Creatine is said to potentially increase muscle mass and boost athletic performance, regardless of a person’s fitness level, during high-intensity and short-duration exercises like high jumping and weight lifting. Creatine can enable you to train harder and longer, potentially leading to improved performance, strength or muscle growth.16 Other health benefits linked to creatine include:17,18
Assisting muscle cells with increased energy production — Creatine is known to increase muscles’ phosphocreatine stores.
Phosphocreatine is a vital component in ATP production, which the cells use for energy and basic life functions.
ATP is broken down during exercise, but increasing phosphocreatine levels can enable you to create more ATP to serve as muscle fuel during a high-intensity workout.
Supporting other muscle functions — Creatine plays multiple roles in improving muscles, and can change cellular pathways that result in new muscle growth.
Creatine can boost the formation of proteins that create new muscle fibers, increase your body’s IGF-levels and stimulate the Akt/PKB pathway, consequently signaling your body to build more muscle mass.
Certain creatine supplements can also increase muscles’ water content (cell volumization) and increase muscle size.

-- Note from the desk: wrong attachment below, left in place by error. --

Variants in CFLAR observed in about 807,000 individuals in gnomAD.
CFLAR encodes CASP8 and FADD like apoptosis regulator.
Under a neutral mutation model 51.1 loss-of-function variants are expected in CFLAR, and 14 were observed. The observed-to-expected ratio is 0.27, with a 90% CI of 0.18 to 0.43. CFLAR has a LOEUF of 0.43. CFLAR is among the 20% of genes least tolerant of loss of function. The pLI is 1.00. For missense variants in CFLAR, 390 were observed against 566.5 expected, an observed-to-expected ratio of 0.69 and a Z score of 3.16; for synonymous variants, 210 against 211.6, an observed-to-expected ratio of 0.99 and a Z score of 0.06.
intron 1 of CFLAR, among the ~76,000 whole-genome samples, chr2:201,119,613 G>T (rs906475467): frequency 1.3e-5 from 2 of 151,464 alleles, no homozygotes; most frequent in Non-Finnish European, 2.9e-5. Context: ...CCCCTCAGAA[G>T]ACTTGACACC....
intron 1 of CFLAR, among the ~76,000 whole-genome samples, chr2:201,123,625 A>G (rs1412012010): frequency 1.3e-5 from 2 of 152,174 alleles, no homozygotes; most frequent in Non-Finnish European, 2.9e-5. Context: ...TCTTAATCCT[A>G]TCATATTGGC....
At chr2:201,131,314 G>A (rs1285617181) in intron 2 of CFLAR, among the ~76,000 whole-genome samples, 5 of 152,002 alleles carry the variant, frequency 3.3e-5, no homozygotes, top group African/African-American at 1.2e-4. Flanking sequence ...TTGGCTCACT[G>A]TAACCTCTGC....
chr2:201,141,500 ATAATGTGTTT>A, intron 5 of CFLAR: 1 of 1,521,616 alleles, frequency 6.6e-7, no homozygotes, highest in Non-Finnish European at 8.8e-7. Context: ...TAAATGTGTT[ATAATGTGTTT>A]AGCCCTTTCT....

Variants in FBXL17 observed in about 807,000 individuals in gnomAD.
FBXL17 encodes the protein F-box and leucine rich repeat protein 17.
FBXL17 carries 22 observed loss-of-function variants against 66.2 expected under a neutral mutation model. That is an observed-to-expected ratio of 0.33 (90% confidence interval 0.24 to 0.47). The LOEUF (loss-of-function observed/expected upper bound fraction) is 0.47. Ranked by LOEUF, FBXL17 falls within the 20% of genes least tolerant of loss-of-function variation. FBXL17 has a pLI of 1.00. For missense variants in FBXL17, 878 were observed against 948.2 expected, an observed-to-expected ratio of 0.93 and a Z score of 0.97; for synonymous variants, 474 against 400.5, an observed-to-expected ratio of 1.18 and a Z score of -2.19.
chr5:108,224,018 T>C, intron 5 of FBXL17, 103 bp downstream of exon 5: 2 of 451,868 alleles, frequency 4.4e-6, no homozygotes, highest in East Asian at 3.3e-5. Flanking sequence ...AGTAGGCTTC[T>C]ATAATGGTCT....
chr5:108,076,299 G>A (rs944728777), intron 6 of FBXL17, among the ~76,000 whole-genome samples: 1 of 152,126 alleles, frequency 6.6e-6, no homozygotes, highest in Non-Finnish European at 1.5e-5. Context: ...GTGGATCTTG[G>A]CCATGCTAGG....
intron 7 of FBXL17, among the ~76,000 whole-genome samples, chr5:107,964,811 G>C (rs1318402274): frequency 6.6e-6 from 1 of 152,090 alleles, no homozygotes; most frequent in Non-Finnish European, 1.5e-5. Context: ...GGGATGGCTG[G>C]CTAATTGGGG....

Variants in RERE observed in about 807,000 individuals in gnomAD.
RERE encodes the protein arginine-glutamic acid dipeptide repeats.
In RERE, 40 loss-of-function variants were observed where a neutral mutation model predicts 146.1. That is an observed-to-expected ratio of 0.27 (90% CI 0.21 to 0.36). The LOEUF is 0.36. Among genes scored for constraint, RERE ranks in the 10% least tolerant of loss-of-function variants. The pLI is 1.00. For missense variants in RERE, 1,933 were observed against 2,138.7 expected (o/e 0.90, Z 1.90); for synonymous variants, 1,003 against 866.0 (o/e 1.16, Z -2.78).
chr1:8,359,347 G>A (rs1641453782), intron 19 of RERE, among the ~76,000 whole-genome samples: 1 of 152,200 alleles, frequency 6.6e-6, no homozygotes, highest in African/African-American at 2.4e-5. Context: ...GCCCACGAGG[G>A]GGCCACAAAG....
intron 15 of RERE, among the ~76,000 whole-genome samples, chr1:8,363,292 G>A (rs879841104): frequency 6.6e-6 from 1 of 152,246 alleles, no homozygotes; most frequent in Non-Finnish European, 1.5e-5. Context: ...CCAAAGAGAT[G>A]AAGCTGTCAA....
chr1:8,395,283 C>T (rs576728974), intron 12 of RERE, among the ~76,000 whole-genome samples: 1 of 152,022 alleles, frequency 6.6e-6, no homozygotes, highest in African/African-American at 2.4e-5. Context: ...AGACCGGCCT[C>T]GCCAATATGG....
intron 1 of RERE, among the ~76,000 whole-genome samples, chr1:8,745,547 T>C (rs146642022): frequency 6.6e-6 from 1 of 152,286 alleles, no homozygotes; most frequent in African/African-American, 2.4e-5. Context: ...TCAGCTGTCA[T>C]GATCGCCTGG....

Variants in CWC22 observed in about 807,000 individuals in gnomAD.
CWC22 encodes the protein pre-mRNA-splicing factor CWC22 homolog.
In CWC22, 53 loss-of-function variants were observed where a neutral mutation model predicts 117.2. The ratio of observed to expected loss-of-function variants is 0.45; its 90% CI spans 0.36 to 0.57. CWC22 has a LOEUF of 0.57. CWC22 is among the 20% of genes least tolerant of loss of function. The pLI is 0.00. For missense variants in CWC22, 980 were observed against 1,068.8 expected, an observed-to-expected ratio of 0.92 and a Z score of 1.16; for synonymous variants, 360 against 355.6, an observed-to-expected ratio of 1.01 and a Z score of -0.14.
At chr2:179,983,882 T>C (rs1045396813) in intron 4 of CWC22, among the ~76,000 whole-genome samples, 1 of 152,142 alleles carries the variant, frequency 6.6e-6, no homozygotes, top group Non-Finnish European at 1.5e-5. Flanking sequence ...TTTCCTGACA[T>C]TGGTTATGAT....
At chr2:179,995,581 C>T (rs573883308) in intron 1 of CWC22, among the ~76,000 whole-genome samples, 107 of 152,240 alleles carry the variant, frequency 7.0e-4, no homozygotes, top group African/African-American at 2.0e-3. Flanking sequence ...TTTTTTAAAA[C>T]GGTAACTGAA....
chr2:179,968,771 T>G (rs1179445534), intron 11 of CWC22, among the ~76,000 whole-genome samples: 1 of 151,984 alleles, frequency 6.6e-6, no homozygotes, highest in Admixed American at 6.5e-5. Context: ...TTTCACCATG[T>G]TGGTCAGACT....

Reducing fatigue and tiredness — Multiple studies discovered that creatine can deliver additional energy and increase dopamine levels.
Improving brain function — Because creatine may increase ATP levels, it can help the brain produce more ATP and aid brain function through increasing dopamine levels and mitochondrial function.
Multiple studies also pointed out creatine’s potential in helping with brain function, lessening age-related loss of muscle and strength and protecting against neurological diseases among the elderly.
More research, however, is needed among young and healthy individuals who eat meat or fish on a regular basis.
Helping combat neurological diseases — Creatine has a potential to aid with reducing or slowing down progression of neurological diseases.
Animal studies highlighted creatine’s potential in improving conditions among mice with Huntington’s disease, Alzheimer’s disease, Ischemic stroke, epilepsy and brain or spinal cord injuries.